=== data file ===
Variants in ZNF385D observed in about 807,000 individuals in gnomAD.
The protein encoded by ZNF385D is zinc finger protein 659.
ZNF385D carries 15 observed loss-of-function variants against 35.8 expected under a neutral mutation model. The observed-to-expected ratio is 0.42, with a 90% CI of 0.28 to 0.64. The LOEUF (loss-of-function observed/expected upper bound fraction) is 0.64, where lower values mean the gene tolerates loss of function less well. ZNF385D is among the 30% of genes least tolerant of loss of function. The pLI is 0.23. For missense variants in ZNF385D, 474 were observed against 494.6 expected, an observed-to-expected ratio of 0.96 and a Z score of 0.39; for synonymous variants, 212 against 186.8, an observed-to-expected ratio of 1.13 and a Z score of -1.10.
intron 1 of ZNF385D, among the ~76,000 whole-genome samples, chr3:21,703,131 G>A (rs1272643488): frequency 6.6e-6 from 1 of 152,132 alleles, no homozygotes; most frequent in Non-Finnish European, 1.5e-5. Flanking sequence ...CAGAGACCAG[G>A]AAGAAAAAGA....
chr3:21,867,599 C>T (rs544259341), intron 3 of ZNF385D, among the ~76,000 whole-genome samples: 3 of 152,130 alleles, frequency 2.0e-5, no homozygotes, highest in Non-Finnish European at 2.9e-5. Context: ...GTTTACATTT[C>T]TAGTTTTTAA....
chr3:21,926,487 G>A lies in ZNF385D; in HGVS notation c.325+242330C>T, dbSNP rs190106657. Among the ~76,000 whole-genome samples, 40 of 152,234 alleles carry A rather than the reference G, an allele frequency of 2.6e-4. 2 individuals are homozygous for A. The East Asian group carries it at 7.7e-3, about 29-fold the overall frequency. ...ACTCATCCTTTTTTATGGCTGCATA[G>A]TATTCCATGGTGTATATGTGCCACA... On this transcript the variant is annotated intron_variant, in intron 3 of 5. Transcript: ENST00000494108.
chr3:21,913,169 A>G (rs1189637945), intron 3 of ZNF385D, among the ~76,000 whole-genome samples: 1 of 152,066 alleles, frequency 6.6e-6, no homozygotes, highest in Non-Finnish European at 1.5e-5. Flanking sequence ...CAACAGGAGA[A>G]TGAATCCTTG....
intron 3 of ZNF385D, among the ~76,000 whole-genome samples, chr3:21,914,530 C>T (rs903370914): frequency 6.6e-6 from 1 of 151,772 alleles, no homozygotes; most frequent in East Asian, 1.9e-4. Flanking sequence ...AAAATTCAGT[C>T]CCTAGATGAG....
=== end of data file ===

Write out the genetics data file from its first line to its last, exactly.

Variants in ZNF385D observed in about 807,000 individuals in gnomAD.
The protein encoded by ZNF385D is zinc finger protein 659.
ZNF385D carries 15 observed loss-of-function variants against 35.8 expected under a neutral mutation model. The observed-to-expected ratio is 0.42, with a 90% CI of 0.28 to 0.64. The LOEUF (loss-of-function observed/expected upper bound fraction) is 0.64, where lower values mean the gene tolerates loss of function less well. ZNF385D is among the 30% of genes least tolerant of loss of function. The pLI is 0.23. For missense variants in ZNF385D, 474 were observed against 494.6 expected, an observed-to-expected ratio of 0.96 and a Z score of 0.39; for synonymous variants, 212 against 186.8, an observed-to-expected ratio of 1.13 and a Z score of -1.10.
intron 1 of ZNF385D, among the ~76,000 whole-genome samples, chr3:21,703,131 G>A (rs1272643488): frequency 6.6e-6 from 1 of 152,132 alleles, no homozygotes; most frequent in Non-Finnish European, 1.5e-5. Flanking sequence ...CAGAGACCAG[G>A]AAGAAAAAGA....
chr3:21,867,599 C>T (rs544259341), intron 3 of ZNF385D, among the ~76,000 whole-genome samples: 3 of 152,130 alleles, frequency 2.0e-5, no homozygotes, highest in Non-Finnish European at 2.9e-5. Context: ...GTTTACATTT[C>T]TAGTTTTTAA....
chr3:21,926,487 G>A lies in ZNF385D; in HGVS notation c.325+242330C>T, dbSNP rs190106657. Among the ~76,000 whole-genome samples, 40 of 152,234 alleles carry A rather than the reference G, an allele frequency of 2.6e-4. 2 individuals are homozygous for A. The East Asian group carries it at 7.7e-3, about 29-fold the overall frequency. ...ACTCATCCTTTTTTATGGCTGCATA[G>A]TATTCCATGGTGTATATGTGCCACA... On this transcript the variant is annotated intron_variant, in intron 3 of 5. Transcript: ENST00000494108.
chr3:21,913,169 A>G (rs1189637945), intron 3 of ZNF385D, among the ~76,000 whole-genome samples: 1 of 152,066 alleles, frequency 6.6e-6, no homozygotes, highest in Non-Finnish European at 1.5e-5. Flanking sequence ...CAACAGGAGA[A>G]TGAATCCTTG....
intron 3 of ZNF385D, among the ~76,000 whole-genome samples, chr3:21,914,530 C>T (rs903370914): frequency 6.6e-6 from 1 of 151,772 alleles, no homozygotes; most frequent in East Asian, 1.9e-4. Flanking sequence ...AAAATTCAGT[C>T]CCTAGATGAG....